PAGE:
Sandhu also describes less bookish figures. There is his sketch, for instance, of the odd career of Michael de Freitas, aka Michael X, one of the great London rogues of the 1960s. After profiting as one of Rachman’s rent-collectors in the 1950s, he became a West London drugs baron and then, under his new name, head of the Racial Adjustment Action Society. Through this Black Power organisation he became a friend of Alexander Trocchi and William Burroughs, a host to Muhammad Ali and a recipient of largesse from Yoko Ono. The story of his rise and rise reads like satirical fiction. Eventually, having fled to Trinidad under the threat of prosecution in London, he had the English lover of one of his cronies killed as a ‘spy’. He was convicted and hanged in Port of Spain in 1975.
Often Sandhu has to try rather hard to find the literary companions to his historical narratives. He tells good stories about the London demi-monde before the Second World War, but for their literary depiction he has to go to Jean Rhys. Rhys said in her 1979 autobiography, Smile Please, that she ‘used to long so fiercely to be black’. This and her nostalgia for her Caribbean birthplace are enough for Sandhu: ‘Her racial background and her identification with black women make it appropriate to incorporate her in this study.’
The era after the docking of the SS Empire Windrush at Tilbury in 1948 is represented for Sandhu by the Trinidadian writer Samuel Selvon, and especially by his novel The Lonely Londoners (1956). Selvon, who came to London in 1950 in his late twenties, had been a journalist in Trinidad but in London survived as a cleaner in bars and hotels. The Lonely Londoners is set in the Bayswater streets and flats he knew. The book is not exactly forgotten – it’s still in print, in the Longman Caribbean Writers series – but it is certainly worth recovering, a minor classic of comic characterisation and resourceful vernacular. Sandhu admires the skill with which Selvon invented for his speakers ‘a composite form of dialect, one that no West Indian immigrant actually spoke but which, nevertheless, conveys the tang of authentic speech’.
London comes alive in Selvon’s book not just as a place through which his displaced West Indians wander, but also as a force of their imagination (sometimes delusion), comically exploited. Lewis thinks his wife is cheating on him while he is at work, and asks the advice of the main character, Moses, ‘knowing that Moses is a man about London’. Moses cannot miss the chance to string him along.
‘How you mean,’ Moses say. ‘That is a regular thing in London. The wife leave the key under the milk bottle, and while you working out your tail in the factory, bags of fellars round by your house with the wife.’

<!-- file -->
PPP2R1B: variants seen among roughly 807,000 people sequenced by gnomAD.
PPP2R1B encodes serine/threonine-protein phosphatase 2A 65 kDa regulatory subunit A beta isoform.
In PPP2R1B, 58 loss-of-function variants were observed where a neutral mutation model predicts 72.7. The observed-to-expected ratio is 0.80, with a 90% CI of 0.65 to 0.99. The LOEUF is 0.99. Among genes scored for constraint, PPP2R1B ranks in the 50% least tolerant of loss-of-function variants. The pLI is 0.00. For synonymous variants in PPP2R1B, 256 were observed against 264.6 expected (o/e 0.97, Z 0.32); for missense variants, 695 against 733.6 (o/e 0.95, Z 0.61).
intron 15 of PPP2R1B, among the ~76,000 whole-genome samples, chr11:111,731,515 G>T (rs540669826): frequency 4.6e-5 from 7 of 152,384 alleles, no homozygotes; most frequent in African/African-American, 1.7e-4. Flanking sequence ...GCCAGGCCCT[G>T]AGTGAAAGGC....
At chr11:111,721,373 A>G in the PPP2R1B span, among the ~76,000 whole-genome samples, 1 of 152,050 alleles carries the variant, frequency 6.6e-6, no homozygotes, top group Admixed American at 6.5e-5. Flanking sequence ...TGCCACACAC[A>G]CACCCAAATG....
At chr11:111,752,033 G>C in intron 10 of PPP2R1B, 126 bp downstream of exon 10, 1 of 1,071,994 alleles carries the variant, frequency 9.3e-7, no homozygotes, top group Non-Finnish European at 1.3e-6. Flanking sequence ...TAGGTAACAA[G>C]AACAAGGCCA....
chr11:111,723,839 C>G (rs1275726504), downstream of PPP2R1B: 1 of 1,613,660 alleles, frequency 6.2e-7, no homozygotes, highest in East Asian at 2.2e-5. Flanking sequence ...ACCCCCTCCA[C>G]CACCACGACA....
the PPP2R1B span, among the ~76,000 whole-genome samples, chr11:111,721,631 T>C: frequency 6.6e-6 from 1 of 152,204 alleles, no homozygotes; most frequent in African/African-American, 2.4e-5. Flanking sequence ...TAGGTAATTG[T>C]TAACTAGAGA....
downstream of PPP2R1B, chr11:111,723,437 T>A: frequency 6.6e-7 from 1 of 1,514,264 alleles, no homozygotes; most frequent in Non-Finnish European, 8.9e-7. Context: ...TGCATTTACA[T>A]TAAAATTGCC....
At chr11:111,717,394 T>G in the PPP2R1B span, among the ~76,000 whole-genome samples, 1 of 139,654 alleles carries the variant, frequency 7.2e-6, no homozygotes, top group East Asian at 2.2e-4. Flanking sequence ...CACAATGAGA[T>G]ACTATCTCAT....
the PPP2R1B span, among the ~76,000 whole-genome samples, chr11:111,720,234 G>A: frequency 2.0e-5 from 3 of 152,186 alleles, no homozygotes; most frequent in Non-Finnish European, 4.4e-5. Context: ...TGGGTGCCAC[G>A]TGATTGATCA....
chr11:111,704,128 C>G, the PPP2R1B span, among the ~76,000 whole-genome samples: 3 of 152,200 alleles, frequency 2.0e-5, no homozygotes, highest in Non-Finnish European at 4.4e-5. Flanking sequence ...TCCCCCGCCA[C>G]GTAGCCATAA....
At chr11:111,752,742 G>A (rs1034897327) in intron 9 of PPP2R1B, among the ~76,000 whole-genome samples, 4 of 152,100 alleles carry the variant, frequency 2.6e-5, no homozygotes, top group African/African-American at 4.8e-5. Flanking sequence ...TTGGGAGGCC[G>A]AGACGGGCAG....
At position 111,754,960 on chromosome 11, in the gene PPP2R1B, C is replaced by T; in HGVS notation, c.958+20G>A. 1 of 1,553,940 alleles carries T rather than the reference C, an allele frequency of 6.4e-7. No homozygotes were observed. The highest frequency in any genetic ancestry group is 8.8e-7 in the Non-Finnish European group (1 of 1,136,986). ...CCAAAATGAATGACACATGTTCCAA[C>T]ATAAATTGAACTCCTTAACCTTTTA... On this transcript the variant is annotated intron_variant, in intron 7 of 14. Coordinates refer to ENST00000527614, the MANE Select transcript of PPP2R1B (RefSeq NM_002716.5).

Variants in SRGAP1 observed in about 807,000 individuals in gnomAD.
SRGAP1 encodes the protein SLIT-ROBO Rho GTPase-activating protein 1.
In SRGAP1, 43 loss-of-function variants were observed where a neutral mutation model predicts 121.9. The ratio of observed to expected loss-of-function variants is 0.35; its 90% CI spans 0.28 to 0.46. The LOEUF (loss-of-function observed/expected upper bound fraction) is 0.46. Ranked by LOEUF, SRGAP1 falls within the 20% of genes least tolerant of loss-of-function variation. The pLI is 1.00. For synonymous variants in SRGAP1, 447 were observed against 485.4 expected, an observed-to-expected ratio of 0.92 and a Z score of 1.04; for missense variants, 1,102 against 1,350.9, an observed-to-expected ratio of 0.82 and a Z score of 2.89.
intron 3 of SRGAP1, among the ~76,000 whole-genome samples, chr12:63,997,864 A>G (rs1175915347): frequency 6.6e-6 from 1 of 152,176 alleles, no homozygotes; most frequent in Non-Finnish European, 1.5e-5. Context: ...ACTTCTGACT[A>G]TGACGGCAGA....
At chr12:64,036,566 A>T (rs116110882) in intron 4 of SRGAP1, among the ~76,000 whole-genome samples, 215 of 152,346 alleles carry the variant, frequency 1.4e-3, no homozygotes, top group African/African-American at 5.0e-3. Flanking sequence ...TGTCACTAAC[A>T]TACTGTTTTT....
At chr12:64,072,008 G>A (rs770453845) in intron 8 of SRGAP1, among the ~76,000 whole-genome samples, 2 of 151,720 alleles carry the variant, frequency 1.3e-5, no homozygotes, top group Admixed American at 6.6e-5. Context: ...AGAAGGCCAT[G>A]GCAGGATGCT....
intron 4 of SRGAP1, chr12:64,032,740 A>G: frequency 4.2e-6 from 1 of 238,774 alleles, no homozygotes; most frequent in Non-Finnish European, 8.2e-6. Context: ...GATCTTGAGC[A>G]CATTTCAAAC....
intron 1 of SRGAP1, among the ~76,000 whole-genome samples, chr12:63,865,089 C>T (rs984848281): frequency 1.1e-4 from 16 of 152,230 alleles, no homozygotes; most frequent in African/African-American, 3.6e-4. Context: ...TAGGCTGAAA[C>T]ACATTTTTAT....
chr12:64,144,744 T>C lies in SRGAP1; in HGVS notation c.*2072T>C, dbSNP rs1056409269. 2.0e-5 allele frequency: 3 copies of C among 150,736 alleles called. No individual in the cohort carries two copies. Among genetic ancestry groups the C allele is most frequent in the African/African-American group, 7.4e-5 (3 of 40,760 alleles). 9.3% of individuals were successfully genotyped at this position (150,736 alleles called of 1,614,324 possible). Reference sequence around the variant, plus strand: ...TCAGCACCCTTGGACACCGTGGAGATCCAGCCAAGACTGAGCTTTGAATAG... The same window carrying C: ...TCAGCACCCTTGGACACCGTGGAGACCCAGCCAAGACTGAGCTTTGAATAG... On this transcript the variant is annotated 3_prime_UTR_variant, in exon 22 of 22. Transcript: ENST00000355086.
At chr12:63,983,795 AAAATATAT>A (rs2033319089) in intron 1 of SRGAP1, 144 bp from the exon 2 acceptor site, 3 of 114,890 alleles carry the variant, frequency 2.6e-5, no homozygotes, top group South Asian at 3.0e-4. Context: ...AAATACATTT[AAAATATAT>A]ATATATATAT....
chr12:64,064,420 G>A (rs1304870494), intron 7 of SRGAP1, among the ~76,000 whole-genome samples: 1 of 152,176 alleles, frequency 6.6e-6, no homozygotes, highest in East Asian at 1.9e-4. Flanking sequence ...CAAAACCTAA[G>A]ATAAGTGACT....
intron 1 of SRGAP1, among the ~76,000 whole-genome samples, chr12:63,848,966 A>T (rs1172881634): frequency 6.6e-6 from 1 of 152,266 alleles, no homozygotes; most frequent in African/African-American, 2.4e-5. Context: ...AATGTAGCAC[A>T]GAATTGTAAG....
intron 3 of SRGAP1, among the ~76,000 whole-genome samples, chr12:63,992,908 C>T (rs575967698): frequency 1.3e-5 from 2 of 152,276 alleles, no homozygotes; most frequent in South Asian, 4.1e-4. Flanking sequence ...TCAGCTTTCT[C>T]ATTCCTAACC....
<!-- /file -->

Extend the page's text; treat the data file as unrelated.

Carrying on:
Lonely Londoners catches the feckless charmers and chancers that anyone who arrives in the city, young and impecunious, is likely to come across. Someone like Captain, the ingeniously workshy Nigerian in his greenstripe suit who is effortlessly successful with women, will seem familiar to many readers, black or white. As the narrator says: ‘It have some men in this world, they don’t do nothing at all, and you feel that they would dead from starvation, but day after day you meeting them and they looking hale.’ The episode from Selvon’s novel that readers always remember is when Captain, skint and ravenous, resorts to luring seagulls into his Notting Hill room. ‘The menu had him looking well, he eat seagull in all manner and fashion.’ ‘Seagulls, like Caribbean immigrants,’ Sandhu comments, ‘are primarily creatures of the sea. When things are too hard for them by the sea, seagulls move to urban centres . . . Cap tempts the seagulls into his room with broken crusts just as West Indians were lured by crummy jobs and the promise of fiscal "bread".’
The chief villain of this book is Mrs Thatcher, who is seen as embodying a life-denying antagonism to cultural diversity and as having encouraged all the other enemies to urban grooviness: property speculators, racists, sexual prudes. Sandhu’s literary hero seems to be Hanif Kureishi, who is seen as a life-affirmer, a lover of ‘ribaldry and bawdiness’. His characters are ‘hungry to lap up the disorderly and heterotopian possibilities of metropolitan life’. Sandhu uses words such as ‘messy’ and ‘chaotic’ for the aspects of London captured by writers he admires. ‘Kureishi believes in urban messthetics – the idea that dirt, confusion and contamination define urban life.’ As for the suburbs, ‘for many artists, most famously John Betjeman, only bombs could make these places palatable.’ Sandhu here not only mistakes Slough for suburbia but also recruits a celebrant of suburban London to the anti-suburban cause.
Because of his utopian bent, Sandhu is uncomfortable with some writers whom he cannot avoid discussing. He looks at Linton Kwesi Johnson’s febrile chants on the page (without the incantatory rhythm that gives them purchase) and flinches from their ‘relish for violence’. They tell us of ‘the brooding ambience of London street culture in the 1970s’. This is a byway from which he is relieved to escape. He acknowledges that the material he has gathered is too miscellaneous to form a single narrative, but declares that miscellaneousness is London’s vivifying essence. ‘Most of all, it offers the possibility of possibility.’